The real Edinburgh reverend who stole literature centuries before The Book Thief
In Markus Zusak’s seminal novel, The Book Thief, young protagonist, Liesel Meminger, develops a taste for purloining books (at great danger to herself and her new family) to satiate her growing appetite for words.
Close to two centuries before Zusak’s book was even released, in 1830, there was a similarly light-fingered individual at work in Edinburgh – the very real and somewhat infamous Reverend Duncan McCaig.
Driven to temptation
In the early 19th century, books were still very much a luxury item, with most classes unable to afford them.
It would be several decades before new printing techniques would make literature less expensive, with the invention of cheap ‘penny dreadful’ stories, for instance.
Whether or not his motive was money-related remains unclear, but the good Reverend Duncan McCaig managed to avoid suspicion for nearly a year after carrying out a spate of thefts from booksellers across the city.
Ironically, McCaig’s downfall came when he pilfered a bible from merchant, Walter Richardson.
Pretending to browse before stashing it under his cloak, the Reverend left the stolen bible with a waiter at the Reading Rooms below Richardson’s premises for safekeeping. By chance, Richardson heard that a bible had been left there and was awaiting collection.
A trap was set to catch the book thief.
After lying in wait, astonished police apprehended the clergyman, catching him red-handed with the stolen book.
On searching his lodgings afterwards, officers found 20 other books that had also been reported stolen, including copies of Johnson’s Dictionary, the works of Robert Burns, Latin Synonyms, the works of Sophocles and The Complaint or Night Thoughts.
McCaig’s fate was sealed.
Brought to justice
An account of McCaig’s sensational trial appeared in an article in The Scotsman newspaper, dated 8 June 1831.
A lengthy account of McCaig’s trial appeared in The Scotsman in June 1831 (Photo: JP)
On the day of the trial, the courtroom “was excessively crowded” with spectators, who had come especially to see the reverend face justice.
The evidence was overwhelming – McCaig was beyond help.
Summing up, the three justices presiding over his trial felt compelled to throw the book at the clergyman, sentencing him to 14 years penal servitude in Australia. Lord Justice Clerk was particularly damning:
“I am quite sure that there is nothing I can say – intentionally it will not be said – that could aggravate the feelings of degradation which must swell your own breast.
“To conceive it possible that a person who held the situation of a minister of a Chapel of Ease in Edinburgh should have descended to the commission of such crimes affords one of the most melancholy examples of the depravity of our nature that has ever come to under my observation.”
Having pleaded not guilty, McCaig “maintained the greatest composure, and heard his sentence with almost apparent indifference.”
Transported for life
On 14 October 1832, the disgraced McCaig boarded the prison ship, Circassian, in Plymouth.
The vessel was bound for the penal colony of Port Arthur in Van Diemen’s Land (now Tasmania), bearing a human cargo of 192 convicted criminals.
British Navy ships carried convicts to Australia, where they established the first European settlements in the late 1700s (Photo: Hulton Archive/Getty Images)
Transportation to Australia had reached its peak by the 1830s, with most thieves – particularly repeat offenders – expecting to be sentenced to a minimum of seven years’ hard labour on the other side of the world.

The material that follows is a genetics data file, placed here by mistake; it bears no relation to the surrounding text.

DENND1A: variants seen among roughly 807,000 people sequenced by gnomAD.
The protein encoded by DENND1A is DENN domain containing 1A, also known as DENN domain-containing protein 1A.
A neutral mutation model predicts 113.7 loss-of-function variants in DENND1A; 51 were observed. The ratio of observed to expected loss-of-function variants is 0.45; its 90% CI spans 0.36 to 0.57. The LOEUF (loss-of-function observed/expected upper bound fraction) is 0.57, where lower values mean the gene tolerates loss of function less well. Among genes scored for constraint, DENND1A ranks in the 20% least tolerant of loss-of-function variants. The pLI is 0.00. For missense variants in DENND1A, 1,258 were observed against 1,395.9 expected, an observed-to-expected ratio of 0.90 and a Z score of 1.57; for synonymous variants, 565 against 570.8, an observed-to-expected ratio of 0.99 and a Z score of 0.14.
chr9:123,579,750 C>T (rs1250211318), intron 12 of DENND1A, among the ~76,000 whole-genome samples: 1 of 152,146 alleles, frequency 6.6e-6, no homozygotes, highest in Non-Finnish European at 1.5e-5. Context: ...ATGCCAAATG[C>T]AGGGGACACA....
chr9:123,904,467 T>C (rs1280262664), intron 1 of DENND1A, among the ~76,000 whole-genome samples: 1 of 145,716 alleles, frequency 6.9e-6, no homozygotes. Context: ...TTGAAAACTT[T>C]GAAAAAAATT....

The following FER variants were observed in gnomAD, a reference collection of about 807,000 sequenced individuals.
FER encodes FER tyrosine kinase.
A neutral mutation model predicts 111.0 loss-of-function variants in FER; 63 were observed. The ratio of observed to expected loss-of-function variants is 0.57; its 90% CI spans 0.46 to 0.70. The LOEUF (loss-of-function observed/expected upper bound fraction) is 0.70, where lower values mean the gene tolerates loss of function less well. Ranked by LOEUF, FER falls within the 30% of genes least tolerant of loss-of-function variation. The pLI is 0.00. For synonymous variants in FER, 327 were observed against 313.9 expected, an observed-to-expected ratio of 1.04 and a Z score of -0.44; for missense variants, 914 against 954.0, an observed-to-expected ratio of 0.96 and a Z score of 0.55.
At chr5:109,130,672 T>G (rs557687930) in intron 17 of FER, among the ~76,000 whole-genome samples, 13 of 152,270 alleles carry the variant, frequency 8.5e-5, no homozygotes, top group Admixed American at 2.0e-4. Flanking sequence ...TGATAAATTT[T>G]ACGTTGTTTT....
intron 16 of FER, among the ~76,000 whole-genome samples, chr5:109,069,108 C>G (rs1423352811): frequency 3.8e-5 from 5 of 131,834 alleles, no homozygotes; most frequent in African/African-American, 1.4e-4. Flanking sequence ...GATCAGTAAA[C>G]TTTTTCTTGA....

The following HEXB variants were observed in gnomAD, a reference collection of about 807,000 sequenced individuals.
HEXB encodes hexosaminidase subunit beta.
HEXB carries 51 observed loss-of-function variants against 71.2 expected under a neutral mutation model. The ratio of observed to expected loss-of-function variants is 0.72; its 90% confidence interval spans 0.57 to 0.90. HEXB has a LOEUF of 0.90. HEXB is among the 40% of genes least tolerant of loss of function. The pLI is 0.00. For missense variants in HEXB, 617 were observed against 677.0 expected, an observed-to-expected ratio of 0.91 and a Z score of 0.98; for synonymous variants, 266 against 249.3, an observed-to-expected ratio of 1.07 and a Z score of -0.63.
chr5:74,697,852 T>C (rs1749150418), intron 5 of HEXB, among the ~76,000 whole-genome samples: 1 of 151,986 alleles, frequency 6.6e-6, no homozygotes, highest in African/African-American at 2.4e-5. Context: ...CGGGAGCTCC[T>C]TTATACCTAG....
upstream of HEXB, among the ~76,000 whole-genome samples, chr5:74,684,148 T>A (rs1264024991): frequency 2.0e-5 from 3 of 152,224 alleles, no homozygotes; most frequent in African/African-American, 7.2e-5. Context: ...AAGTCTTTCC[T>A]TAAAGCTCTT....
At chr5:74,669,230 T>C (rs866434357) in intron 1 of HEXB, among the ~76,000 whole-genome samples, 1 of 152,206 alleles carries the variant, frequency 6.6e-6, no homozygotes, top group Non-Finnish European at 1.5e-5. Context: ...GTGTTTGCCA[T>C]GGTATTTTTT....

As with most transported convicts, McCaig was barred from ever returning to Scotland.
After the American Wars of Independence ended in defeat for the British, there was little alternative but to send criminals to the new Australian colonies instead.
By the 1850s, however, colonists had grown resentful of felons being foisted upon them, and the punishment began to wane.
The prison clerk recording McCaig’s arrival seems to have shown some surprise at his occupation as a clergyman (Photo: Tasmania Government Archives)
Arriving in Tasmania on 16 February 1833 after a four-month voyage, McCaig was entered into Port Arthur’s records as being 31 years of age with a “fresh” complexion, reddish beard, brown hair, and hazel eyes.
Next to profession, the clerk scrawled “clergyman – Scotch church.” It is unclear if the small exclamation marks above this particular entry were contemporaneous, but the convicted criminal’s former career would have undoubtedly raised a few eyebrows.
Life as a prisoner
For the crime of stealing, McCaig would have been forced to work long hours in one of the penal station’s micro-industries – shipbuilding, shoemaking, smithing, timber, and brick making.
His prison conduct records show he was punished several times for his “inability to do the quantity of work required.”
Port Arthur penal station, much of which would have been standing when McCaig arrived in Australia (Photo: Port Arthur Historic Site)
It was noted, however, that he was of “good character, courteous and respectable”, which goes some way towards explaining why authorities granted him an early release.
It’s perhaps fitting that the both Reverend Duncan McCaig and Liesel Meminger ultimately found redemption in the written word.
Death – who acts as a narrator in Zusak’s novel – alludes to Liesel becoming a writer when he finally comes to claim her as an old woman.
Released from captivity in Port Arthur with a conditional pardon in 1841, McCaig settled as a free man in the town of Launceston in the north of the island, where he worked as teacher.
He died on 26 February 1849.
In the census carried out during the previous year, McCaig is recorded as a professional person living alone in a wooden dwelling – and still clinging to the beliefs of the Church of Scotland.